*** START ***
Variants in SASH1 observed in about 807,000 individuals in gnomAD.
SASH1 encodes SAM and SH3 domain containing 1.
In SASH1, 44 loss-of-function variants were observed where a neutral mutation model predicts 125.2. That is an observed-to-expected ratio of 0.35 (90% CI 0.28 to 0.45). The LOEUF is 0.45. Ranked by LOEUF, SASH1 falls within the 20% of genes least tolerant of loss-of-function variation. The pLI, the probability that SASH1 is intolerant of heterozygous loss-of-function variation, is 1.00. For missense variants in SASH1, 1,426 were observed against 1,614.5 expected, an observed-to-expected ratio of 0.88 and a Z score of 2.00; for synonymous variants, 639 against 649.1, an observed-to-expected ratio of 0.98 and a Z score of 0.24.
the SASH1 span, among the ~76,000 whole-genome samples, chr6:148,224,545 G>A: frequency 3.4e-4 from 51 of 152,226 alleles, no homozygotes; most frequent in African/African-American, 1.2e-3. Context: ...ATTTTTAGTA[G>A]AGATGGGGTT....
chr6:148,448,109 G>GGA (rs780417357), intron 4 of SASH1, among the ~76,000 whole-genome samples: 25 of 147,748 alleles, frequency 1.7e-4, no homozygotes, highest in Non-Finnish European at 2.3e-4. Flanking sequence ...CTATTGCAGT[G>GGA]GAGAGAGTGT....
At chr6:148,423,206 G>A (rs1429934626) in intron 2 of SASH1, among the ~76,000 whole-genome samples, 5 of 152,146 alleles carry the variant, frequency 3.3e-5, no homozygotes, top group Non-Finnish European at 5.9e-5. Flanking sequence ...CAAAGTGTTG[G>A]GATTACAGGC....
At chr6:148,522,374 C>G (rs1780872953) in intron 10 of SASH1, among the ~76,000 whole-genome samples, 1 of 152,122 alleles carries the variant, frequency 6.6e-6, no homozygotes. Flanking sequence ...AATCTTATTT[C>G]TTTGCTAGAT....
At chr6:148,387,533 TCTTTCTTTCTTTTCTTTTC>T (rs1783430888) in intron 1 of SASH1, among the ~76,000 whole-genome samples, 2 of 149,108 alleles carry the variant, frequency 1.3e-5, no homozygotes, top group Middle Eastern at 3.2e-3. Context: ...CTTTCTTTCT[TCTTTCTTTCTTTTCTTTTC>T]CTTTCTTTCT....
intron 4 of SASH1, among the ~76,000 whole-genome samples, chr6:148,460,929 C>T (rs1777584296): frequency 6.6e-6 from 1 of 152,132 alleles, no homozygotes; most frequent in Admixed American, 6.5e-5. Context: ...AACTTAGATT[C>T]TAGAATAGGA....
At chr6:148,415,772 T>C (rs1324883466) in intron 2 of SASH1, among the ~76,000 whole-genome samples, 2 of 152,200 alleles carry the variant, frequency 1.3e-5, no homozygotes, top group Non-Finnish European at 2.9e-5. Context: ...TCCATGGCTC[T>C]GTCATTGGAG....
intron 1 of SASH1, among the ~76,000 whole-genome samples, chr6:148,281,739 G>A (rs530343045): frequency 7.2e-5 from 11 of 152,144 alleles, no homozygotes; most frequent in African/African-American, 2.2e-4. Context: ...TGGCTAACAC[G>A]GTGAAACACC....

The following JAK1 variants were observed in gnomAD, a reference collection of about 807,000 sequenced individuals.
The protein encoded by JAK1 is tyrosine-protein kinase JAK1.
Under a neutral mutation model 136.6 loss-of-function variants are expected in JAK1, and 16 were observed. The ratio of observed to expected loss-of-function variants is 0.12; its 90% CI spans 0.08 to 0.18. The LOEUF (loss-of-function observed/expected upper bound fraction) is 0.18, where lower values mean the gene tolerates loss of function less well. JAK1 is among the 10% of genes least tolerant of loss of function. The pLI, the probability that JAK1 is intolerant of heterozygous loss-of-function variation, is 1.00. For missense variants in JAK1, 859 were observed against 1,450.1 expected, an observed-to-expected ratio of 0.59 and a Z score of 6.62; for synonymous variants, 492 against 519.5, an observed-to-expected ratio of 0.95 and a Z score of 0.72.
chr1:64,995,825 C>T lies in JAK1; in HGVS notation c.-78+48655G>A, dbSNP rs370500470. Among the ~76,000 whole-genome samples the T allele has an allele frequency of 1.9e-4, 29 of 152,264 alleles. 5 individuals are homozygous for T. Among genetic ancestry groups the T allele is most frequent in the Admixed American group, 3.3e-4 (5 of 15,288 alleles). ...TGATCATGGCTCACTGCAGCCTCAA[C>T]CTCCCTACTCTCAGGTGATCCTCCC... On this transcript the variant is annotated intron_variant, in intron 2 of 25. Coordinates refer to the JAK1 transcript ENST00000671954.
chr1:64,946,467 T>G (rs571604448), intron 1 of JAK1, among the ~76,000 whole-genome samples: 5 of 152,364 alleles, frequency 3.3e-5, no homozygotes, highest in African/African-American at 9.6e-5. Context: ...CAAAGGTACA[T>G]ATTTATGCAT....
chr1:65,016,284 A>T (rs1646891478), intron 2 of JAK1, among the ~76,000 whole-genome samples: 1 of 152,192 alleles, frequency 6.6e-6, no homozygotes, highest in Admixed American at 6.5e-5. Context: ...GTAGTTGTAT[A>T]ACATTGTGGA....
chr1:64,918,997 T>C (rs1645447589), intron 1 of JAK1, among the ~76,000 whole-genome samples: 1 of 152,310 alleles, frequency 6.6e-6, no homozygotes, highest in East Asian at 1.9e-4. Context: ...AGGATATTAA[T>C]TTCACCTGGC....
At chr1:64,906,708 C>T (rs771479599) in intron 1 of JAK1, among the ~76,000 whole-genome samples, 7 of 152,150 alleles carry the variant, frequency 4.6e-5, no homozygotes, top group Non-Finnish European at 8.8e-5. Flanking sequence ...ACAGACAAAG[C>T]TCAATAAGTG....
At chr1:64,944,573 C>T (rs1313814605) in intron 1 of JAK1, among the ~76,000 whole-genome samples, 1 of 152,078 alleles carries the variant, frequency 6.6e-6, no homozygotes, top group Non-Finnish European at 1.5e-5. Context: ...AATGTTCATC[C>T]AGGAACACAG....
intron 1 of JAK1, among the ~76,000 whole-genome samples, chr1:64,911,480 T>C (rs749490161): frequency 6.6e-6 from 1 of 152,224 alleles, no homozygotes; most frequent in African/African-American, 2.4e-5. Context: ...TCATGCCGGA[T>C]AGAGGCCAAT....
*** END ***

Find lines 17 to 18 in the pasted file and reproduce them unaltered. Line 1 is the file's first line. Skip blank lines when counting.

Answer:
chr1:65,016,284 A>T (rs1646891478), intron 2 of JAK1, among the ~76,000 whole-genome samples: 1 of 152,192 alleles, frequency 6.6e-6, no homozygotes, highest in Admixed American at 6.5e-5. Context: ...GTAGTTGTAT[A>T]ACATTGTGGA....
chr1:64,918,997 T>C (rs1645447589), intron 1 of JAK1, among the ~76,000 whole-genome samples: 1 of 152,310 alleles, frequency 6.6e-6, no homozygotes, highest in East Asian at 1.9e-4. Context: ...AGGATATTAA[T>C]TTCACCTGGC....